The art of torture, new year’s style
|By LIZ HELLMANN|
The shine has worn off, the wrapping paper lays crumpled on the floor, and the grandeur of the holiday season has come to a screeching halt, like the sound from an exuberant New Year’s Eve party-goer’s whistle fading into the night.
As if the threat of the post-holiday blues wasn’t strong enough, we manage to find yet another way to torture ourselves through one of the bleakest months of the year, new year’s resolutions.
Resolutions actually date back to medieval times as a way to torture helpless souls. They were weapons used by elite lords and kings to break their subjects’ spirits to keep them in submission.
Okay, so maybe I made that up, but, as with any respectable art form, there are hard-and-fast rules to this exact science of torture. For optimum pain and suffering, do not attempt resolutions without the proper understanding of these mechanics.
Step one: Review your life through a microscopic lens of disdain, magnifying all of your shortcomings.
Step two: Recount where you thought you were going to be at this time of your life, and wallow in the pathetic mess that has become you.
Step three: Become indignant that you let this happen. Allow a powerful wave to sweep over you. In a Yoda-like revelation, repeat: Better than this am I.
Step four: With pen and paper in hand, furiously scribble down all of the amazing things you will accomplish this year.
Step five: Review your list with renewed fervor. Then, actually write (in all caps, of course) across the top of the page “2006 the year of (insert name here). Smiling triumphantly, underline the title at least twice.
Step six: Place the paper on the kitchen counter to be viewed every morning.
Step seven: Proceed to make the first week in January the most exhausting in the history of mankind.
Get up for 5 a.m. workouts, strain your hamstring in kick boxing class at your new gym because you thought you’d try the advanced class.
Keep going to the gym every day at 5 a.m., loathing yourself because not only are you tired, now you are in pain.
Use your good leg to limp to the charity you signed up to volunteer for.
On your way home, stop at the grocery store to pick up the gourmet food you had special-ordered from India.
Not only will you become a phenomenal cook, you will immerse yourself in other cultures.
Get home and realize it is already 8 p.m.
In a renewed effort to be a better spouse and parent, you insist your significant other sit and relax while you prepare the feast and help little Billy with his science project.
While gluing Styrofoam balls together to form a perfect replica of the universe, you look up to see a raging grease fire in the kitchen.
Apparently, you should have paid more attention when you were in science class, because you throw water on the fire, inflaming it even more.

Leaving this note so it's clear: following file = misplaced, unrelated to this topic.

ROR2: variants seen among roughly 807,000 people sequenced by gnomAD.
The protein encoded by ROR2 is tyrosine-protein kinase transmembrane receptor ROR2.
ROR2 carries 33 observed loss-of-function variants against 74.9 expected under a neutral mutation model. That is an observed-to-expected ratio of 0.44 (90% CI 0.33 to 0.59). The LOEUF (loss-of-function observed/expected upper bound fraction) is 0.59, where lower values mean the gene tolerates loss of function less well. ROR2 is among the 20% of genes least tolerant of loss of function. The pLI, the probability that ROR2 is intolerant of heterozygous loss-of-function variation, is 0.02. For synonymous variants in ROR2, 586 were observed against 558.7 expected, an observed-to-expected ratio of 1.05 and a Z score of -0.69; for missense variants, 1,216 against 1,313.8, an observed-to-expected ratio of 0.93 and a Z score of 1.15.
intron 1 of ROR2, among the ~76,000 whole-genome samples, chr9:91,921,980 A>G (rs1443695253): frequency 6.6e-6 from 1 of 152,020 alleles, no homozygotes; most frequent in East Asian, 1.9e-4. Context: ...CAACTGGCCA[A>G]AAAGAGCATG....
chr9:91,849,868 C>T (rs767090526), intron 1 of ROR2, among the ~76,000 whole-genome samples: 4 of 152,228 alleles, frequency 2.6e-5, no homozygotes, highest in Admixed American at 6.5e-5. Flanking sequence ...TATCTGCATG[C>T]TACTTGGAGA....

Flames jump out at your face and singe your eyebrows.
Your spouse jumps up and rushes to the rescue with the fire extinguisher Uncle Ernie gave you for Christmas, after you mentioned you were going to start cooking more.
An hour later, you are sitting at the table eyebrowless and eating charred Indian food with ice on your hamstring.
(This step can vary, depending on the resolutions made, but the more outlandish the expectations, the more entertaining the results.)
Step eight: Notice the grimacing faces of your family as they struggle to chew their blackened rice.
Limp to the kitchen to call for Chinese take-out (hey, at least you’re still cultured).
Notice a half-burned sheet of paper on the counter next to the stove with the words “2006 the” at the top.
Let out a dejected sigh and toss the paper into the garbage, just as you catch a reflection of your face, minus the eyebrows, in the refrigerator door.
Step nine: Block this week from your mind in an effort to shield yourself from the pain of failure, and to enable yourself to repeat again next year.
Step 10: Repeat again next year.
If you are one of the enlightened souls among us, and have decided to rise up against this time-honored tradition, beware that you don’t throw the baby out with the bath water.
Resolutions can serve a good purpose, if done correctly. So rise up against those evil peasant lords and take what is rightfully yours, control of your life.
The donning of the new year can be a good time to reflect on all that has happened in the past year, good and bad.
Remember your accomplishments, and note your shortcomings.
Then vow never to use the word “resolution” again.
Rather, think of a few things you would like to do, not necessarily to improve your life, but to live it more fully, the way you want.
If you want to do good, actually contact a charity and set up a do-able schedule to volunteer maybe once a month. If you want to do more, you can always add time later.
If you want to lose weight, but haven’t broke a sweat since disco fever hit, don’t take up advanced spinning III “feel the burn” at your gym. Just do something active every day.
By actually writing down goals, and ways to obtain them, it becomes much easier to accomplish what you want. Start small and work up to the big things.
Jumping in over your head will only ensure your defeat, and possible loss of facial hair.
You wouldn’t build a house and then lay the foundation, it would all come crashing down, just like your dreams of a “new you.”
By all means, don’t ignore your urge to make “resolutions.” The same energy that led you to don a karate suit in kick boxing, suggests you are searching for a change.
You only live once, so do it right, or risk the regret that comes from knowing you could have done better.
You might never become a black belt, but it’s nice to know you’re still alive and kicking.
Cheers to 2006 the year of (insert name here).